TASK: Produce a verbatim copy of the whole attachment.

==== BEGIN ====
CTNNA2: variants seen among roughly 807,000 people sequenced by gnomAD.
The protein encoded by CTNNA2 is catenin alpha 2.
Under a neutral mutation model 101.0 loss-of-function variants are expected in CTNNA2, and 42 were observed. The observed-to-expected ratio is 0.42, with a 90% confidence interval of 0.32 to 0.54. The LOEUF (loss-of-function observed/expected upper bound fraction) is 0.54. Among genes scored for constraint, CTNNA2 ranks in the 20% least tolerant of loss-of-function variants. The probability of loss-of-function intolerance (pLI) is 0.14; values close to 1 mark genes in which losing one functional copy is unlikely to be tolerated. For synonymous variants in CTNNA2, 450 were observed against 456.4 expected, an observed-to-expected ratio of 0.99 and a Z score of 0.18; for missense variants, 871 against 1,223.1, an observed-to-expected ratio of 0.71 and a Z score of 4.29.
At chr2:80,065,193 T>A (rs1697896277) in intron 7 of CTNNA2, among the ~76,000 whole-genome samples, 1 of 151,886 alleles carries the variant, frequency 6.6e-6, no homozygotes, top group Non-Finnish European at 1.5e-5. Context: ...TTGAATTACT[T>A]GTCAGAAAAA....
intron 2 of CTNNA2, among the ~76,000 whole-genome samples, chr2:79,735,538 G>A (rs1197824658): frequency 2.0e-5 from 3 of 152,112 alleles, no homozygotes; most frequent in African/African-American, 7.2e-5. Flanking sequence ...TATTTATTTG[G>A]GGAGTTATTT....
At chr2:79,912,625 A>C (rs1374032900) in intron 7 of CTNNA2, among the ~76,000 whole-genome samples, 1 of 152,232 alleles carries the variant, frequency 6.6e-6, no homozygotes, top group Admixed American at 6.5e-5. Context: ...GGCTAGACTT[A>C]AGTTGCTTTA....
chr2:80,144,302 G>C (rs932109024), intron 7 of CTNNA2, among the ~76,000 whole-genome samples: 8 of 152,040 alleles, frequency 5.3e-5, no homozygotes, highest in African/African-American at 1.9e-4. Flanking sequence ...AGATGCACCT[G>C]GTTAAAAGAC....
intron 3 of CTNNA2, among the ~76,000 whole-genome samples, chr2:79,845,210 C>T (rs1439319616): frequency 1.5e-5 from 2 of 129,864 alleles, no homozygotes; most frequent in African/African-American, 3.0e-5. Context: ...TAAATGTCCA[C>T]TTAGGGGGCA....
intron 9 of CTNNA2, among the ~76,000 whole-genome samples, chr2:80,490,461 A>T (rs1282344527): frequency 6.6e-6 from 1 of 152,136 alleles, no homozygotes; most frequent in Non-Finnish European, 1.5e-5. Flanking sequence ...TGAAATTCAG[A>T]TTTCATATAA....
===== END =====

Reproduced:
CTNNA2: variants seen among roughly 807,000 people sequenced by gnomAD.
The protein encoded by CTNNA2 is catenin alpha 2.
Under a neutral mutation model 101.0 loss-of-function variants are expected in CTNNA2, and 42 were observed. The observed-to-expected ratio is 0.42, with a 90% confidence interval of 0.32 to 0.54. The LOEUF (loss-of-function observed/expected upper bound fraction) is 0.54. Among genes scored for constraint, CTNNA2 ranks in the 20% least tolerant of loss-of-function variants. The probability of loss-of-function intolerance (pLI) is 0.14; values close to 1 mark genes in which losing one functional copy is unlikely to be tolerated. For synonymous variants in CTNNA2, 450 were observed against 456.4 expected, an observed-to-expected ratio of 0.99 and a Z score of 0.18; for missense variants, 871 against 1,223.1, an observed-to-expected ratio of 0.71 and a Z score of 4.29.
At chr2:80,065,193 T>A (rs1697896277) in intron 7 of CTNNA2, among the ~76,000 whole-genome samples, 1 of 151,886 alleles carries the variant, frequency 6.6e-6, no homozygotes, top group Non-Finnish European at 1.5e-5. Context: ...TTGAATTACT[T>A]GTCAGAAAAA....
intron 2 of CTNNA2, among the ~76,000 whole-genome samples, chr2:79,735,538 G>A (rs1197824658): frequency 2.0e-5 from 3 of 152,112 alleles, no homozygotes; most frequent in African/African-American, 7.2e-5. Flanking sequence ...TATTTATTTG[G>A]GGAGTTATTT....
At chr2:79,912,625 A>C (rs1374032900) in intron 7 of CTNNA2, among the ~76,000 whole-genome samples, 1 of 152,232 alleles carries the variant, frequency 6.6e-6, no homozygotes, top group Admixed American at 6.5e-5. Context: ...GGCTAGACTT[A>C]AGTTGCTTTA....
chr2:80,144,302 G>C (rs932109024), intron 7 of CTNNA2, among the ~76,000 whole-genome samples: 8 of 152,040 alleles, frequency 5.3e-5, no homozygotes, highest in African/African-American at 1.9e-4. Flanking sequence ...AGATGCACCT[G>C]GTTAAAAGAC....
intron 3 of CTNNA2, among the ~76,000 whole-genome samples, chr2:79,845,210 C>T (rs1439319616): frequency 1.5e-5 from 2 of 129,864 alleles, no homozygotes; most frequent in African/African-American, 3.0e-5. Context: ...TAAATGTCCA[C>T]TTAGGGGGCA....
intron 9 of CTNNA2, among the ~76,000 whole-genome samples, chr2:80,490,461 A>T (rs1282344527): frequency 6.6e-6 from 1 of 152,136 alleles, no homozygotes; most frequent in Non-Finnish European, 1.5e-5. Flanking sequence ...TGAAATTCAG[A>T]TTTCATATAA....